Liberty University Graduates Charged to Protect Values, Freedom at Commencement 2014

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Liberty University celebrated nearly 17,800 graduates during its 41st Commencement ceremony on Saturday, May 10. Louisiana Gov. Bobby Jindal delivered the keynote address.

Louisiana Gov. Bobby Jindal delivers the 2014 Commencement address at Liberty University.

As the Class of 2014 celebrated Liberty University’s 41st Commencement Ceremony, they were reminded of the road ahead, and the opposition they will face. Though the world is growing increasingly hostile toward the values and liberties they hold dear, they were pointed to their ultimate hope in God, who gives grace and power to overcome. With that in mind, they were encouraged to boldly be a light into the darkness of this world.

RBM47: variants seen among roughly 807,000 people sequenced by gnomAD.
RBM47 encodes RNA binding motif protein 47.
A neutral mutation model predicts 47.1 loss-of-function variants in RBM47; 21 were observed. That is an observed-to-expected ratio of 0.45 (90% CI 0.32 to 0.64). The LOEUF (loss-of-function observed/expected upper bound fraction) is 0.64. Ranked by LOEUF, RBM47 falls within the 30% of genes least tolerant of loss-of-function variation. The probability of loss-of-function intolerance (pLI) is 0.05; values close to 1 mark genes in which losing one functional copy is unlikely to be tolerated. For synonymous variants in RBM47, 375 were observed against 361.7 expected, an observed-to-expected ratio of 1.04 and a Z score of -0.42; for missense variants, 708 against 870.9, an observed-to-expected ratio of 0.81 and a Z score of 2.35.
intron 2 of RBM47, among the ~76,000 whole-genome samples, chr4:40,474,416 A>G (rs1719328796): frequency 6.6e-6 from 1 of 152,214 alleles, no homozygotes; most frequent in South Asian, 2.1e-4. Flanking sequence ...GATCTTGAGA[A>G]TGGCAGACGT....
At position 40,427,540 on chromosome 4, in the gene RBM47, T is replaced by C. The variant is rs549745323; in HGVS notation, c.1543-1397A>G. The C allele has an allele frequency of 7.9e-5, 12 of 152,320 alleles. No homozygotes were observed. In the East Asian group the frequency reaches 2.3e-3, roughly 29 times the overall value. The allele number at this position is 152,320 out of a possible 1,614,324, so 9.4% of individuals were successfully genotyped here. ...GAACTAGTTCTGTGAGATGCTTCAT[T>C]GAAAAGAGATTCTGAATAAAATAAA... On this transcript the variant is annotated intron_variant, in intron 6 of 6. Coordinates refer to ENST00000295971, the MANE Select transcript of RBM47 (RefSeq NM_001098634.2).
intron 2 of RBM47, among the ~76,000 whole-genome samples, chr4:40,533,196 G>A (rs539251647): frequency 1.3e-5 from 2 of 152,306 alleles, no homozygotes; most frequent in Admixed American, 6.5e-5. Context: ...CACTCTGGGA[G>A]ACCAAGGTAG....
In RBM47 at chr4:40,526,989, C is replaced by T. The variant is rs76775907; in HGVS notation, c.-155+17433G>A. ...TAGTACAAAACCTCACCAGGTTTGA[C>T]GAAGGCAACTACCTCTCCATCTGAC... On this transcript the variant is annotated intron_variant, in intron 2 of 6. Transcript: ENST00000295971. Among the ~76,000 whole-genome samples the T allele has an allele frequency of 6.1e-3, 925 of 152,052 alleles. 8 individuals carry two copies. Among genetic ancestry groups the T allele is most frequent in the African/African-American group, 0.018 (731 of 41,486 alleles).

“You should be bold in your faith and embrace opportunities to stand up for the truth,” Louisiana Gov. Bobby Jindal, the keynote speaker, charged the graduates. “You never know when you might be planting a seed that will change someone’s life forever.”

President Jerry Falwell echoed this challenge as he conferred nearly 17,800 degrees to Liberty’s largest graduating class: “You should not find satisfaction with the commonplace in character, attitude, and values; by your example, you should raise the intellectual and moral tone of society.”

This includes faith in God, integrity, and respect for your fellow man.    

There were about 35,000 guests in attendance at Williams Stadium, — including more than 6,000 graduates.